Tag Archives: Horses

Run, Turkey, Run: Guest Post by Jacqueline Bodnar

Please note: Vegbooks has moved to vegbooks.orgThis is one of the last reviews that will be posted at this URL. This review, as well as all of your favorite past posts, are up on the new site. See you there!

In this holiday story, the poor turkey remains on the run, even when he thinks he is finally safe. The farmer plans to cook him for Thanksgiving and when he sets out to get him, the turkey runs. He ends up using multiple methods around the farmyard to camouflage himself from the farmer, who ends up sparing his life for this feast.

As the farmer’s family sits down to Thanksgiving dinner, the farmer is shown dreaming of a cooked turkey. The woman is staring at the empty turkey platter on the table, while the two children happily dine on grilled cheese sandwiches, peas and mashed potatoes. No turkey is served at this holiday feast, much to the disappointment of the adults in the story.

This is a fun book that gives kids a chance to root for the turkey as he continues running away from the farmer. Vegetarian parents and kids alike will appreciate the way the turkey outsmarts the farmer. It is important to note that the story takes place at an old-fashioned farm that depicts other animals, such as pigs, horses, and ducks.

Ages 4-8.

About Jacqueline: Jacqueline Bodnar is a professional writer who blogs about vegetarian issues at VegBlogger.com. She and her husband have been ethical vegetarians since 1995 and are raising two vegetarian children. She is also a nature lover, environmentalist, and avid reader. Jacqueline is a Michigan native, who now resides in Florida, after spending almost a decade in Las Vegas.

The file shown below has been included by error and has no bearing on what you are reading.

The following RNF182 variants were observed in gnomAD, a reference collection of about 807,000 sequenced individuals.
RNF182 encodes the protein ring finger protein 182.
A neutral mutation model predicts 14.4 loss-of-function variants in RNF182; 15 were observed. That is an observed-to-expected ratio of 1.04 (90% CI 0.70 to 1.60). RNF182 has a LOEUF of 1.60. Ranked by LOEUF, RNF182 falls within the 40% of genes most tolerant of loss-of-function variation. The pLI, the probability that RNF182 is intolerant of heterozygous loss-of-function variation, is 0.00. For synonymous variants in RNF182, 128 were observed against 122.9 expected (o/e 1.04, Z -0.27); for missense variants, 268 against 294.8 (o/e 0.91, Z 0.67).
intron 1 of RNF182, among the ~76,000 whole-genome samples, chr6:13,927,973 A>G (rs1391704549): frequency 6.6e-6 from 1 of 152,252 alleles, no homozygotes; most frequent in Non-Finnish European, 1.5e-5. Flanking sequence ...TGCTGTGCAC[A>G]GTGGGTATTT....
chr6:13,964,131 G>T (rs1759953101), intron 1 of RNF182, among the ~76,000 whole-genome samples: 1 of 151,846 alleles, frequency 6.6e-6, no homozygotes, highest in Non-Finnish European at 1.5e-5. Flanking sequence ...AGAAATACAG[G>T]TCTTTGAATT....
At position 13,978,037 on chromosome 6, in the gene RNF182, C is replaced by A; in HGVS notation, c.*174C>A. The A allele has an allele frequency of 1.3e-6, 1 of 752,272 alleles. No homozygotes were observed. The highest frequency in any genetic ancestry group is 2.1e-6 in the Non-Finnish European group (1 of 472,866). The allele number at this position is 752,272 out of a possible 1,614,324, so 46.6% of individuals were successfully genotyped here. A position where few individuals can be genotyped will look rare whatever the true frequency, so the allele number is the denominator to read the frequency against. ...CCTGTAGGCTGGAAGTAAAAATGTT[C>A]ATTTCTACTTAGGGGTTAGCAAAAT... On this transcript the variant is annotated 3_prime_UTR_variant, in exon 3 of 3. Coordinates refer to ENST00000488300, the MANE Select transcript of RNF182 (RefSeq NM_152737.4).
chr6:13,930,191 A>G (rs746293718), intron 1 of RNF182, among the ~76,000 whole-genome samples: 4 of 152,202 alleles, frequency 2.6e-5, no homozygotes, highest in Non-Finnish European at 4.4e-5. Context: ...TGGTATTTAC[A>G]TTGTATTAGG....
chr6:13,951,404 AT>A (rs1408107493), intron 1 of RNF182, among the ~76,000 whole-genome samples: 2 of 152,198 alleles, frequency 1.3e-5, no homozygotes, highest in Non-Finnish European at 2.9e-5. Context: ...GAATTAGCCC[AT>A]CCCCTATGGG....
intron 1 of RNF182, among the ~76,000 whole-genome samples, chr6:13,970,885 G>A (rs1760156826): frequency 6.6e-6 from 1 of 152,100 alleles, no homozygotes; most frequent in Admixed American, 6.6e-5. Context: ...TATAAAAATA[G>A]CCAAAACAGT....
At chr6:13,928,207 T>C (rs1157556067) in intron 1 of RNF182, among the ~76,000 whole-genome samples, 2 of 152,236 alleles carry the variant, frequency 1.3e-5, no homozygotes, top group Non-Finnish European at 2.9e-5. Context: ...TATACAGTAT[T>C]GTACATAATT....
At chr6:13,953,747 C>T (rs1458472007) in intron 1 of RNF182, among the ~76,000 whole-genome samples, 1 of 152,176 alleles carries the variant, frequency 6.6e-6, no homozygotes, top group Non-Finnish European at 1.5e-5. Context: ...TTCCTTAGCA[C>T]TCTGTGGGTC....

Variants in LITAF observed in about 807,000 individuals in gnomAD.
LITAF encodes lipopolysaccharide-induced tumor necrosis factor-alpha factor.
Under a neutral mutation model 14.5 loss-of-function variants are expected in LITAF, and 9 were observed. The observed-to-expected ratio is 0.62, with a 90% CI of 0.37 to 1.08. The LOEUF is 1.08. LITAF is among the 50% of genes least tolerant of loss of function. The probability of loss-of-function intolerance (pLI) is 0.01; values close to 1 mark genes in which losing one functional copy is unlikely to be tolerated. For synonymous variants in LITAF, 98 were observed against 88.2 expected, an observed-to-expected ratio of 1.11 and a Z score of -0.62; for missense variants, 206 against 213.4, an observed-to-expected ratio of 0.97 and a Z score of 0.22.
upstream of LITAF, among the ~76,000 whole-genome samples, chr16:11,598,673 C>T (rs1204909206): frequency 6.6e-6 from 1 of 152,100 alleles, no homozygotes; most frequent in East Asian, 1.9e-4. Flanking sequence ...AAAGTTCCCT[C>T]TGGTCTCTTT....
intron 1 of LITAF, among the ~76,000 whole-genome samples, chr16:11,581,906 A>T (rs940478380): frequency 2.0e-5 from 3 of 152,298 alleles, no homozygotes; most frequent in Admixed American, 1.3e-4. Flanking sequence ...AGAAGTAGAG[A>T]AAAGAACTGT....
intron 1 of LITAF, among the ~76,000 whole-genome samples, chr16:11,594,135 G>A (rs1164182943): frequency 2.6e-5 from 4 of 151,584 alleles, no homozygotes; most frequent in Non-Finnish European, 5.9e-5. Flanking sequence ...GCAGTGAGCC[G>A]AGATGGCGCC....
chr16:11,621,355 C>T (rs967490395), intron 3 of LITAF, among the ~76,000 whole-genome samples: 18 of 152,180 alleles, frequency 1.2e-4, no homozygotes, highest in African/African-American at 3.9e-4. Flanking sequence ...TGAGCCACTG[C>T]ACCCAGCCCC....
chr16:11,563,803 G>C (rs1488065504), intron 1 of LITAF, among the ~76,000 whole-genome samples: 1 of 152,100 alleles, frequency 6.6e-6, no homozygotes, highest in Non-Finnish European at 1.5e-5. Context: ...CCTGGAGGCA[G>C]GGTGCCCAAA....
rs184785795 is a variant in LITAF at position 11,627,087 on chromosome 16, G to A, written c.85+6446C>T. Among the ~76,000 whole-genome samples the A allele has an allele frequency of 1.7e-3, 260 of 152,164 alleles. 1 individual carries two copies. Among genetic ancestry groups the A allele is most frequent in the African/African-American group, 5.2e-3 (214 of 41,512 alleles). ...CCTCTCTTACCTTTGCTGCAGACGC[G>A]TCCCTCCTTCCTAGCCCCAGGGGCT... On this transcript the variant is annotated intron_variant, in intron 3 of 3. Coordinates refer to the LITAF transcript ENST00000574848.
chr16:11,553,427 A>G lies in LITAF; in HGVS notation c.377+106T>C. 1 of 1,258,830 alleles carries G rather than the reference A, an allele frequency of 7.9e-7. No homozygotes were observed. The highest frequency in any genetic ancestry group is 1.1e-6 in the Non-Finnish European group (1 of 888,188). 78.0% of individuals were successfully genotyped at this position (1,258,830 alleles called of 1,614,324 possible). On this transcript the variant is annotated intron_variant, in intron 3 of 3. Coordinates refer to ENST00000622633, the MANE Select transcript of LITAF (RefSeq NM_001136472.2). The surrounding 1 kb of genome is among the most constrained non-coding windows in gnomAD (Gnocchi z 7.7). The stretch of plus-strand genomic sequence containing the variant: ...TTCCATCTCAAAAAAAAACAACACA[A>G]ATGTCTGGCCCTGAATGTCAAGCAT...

Animal Babies on the Farm

This is a book where the publisher compiled adorable photos of animals – with some close-ups worthy of Cute Overload – and added simple text.  Each page is told from an animal’s perspective.

How you’ll feel about this book ultimately depends on how you believe farmed animals should be portrayed.  I am divided on this issue.  On one hand, I want kiddo to know how animals are treated on factory farms where the vast majority live.  On the other, why expose her to such ugliness at such a young age?

This book is about who animals are, not how we treat them.  The animals in this book are portrayed with their mothers, and often their siblings, in sanctuary-like surroundings.  The words emphasize the bond between the baby and her mother.

In the end, I decided that I liked this book, but I’m curious: what do you think?

Ages 0-3.